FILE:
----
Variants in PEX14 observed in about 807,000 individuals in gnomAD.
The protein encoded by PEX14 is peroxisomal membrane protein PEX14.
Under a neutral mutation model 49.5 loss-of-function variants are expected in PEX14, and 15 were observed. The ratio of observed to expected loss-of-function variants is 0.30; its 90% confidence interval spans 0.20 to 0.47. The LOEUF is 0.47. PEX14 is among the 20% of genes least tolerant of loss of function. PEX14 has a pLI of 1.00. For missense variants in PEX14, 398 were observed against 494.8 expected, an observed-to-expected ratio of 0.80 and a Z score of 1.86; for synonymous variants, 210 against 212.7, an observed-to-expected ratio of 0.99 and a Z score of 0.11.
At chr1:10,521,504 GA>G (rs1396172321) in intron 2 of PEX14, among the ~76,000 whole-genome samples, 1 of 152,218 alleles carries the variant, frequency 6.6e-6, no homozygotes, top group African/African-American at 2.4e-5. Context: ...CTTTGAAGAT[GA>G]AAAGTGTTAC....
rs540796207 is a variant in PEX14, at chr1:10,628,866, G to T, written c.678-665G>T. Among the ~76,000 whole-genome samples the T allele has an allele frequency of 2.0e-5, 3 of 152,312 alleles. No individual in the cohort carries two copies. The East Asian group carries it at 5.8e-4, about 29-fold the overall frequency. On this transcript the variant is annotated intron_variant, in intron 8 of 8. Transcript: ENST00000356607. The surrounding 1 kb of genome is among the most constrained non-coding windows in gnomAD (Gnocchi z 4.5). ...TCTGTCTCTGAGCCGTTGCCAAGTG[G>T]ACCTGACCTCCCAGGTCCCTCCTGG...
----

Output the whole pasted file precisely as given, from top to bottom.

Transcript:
Variants in PEX14 observed in about 807,000 individuals in gnomAD.
The protein encoded by PEX14 is peroxisomal membrane protein PEX14.
Under a neutral mutation model 49.5 loss-of-function variants are expected in PEX14, and 15 were observed. The ratio of observed to expected loss-of-function variants is 0.30; its 90% confidence interval spans 0.20 to 0.47. The LOEUF is 0.47. PEX14 is among the 20% of genes least tolerant of loss of function. PEX14 has a pLI of 1.00. For missense variants in PEX14, 398 were observed against 494.8 expected, an observed-to-expected ratio of 0.80 and a Z score of 1.86; for synonymous variants, 210 against 212.7, an observed-to-expected ratio of 0.99 and a Z score of 0.11.
At chr1:10,521,504 GA>G (rs1396172321) in intron 2 of PEX14, among the ~76,000 whole-genome samples, 1 of 152,218 alleles carries the variant, frequency 6.6e-6, no homozygotes, top group African/African-American at 2.4e-5. Context: ...CTTTGAAGAT[GA>G]AAAGTGTTAC....
rs540796207 is a variant in PEX14, at chr1:10,628,866, G to T, written c.678-665G>T. Among the ~76,000 whole-genome samples the T allele has an allele frequency of 2.0e-5, 3 of 152,312 alleles. No individual in the cohort carries two copies. The East Asian group carries it at 5.8e-4, about 29-fold the overall frequency. On this transcript the variant is annotated intron_variant, in intron 8 of 8. Transcript: ENST00000356607. The surrounding 1 kb of genome is among the most constrained non-coding windows in gnomAD (Gnocchi z 4.5). ...TCTGTCTCTGAGCCGTTGCCAAGTG[G>T]ACCTGACCTCCCAGGTCCCTCCTGG...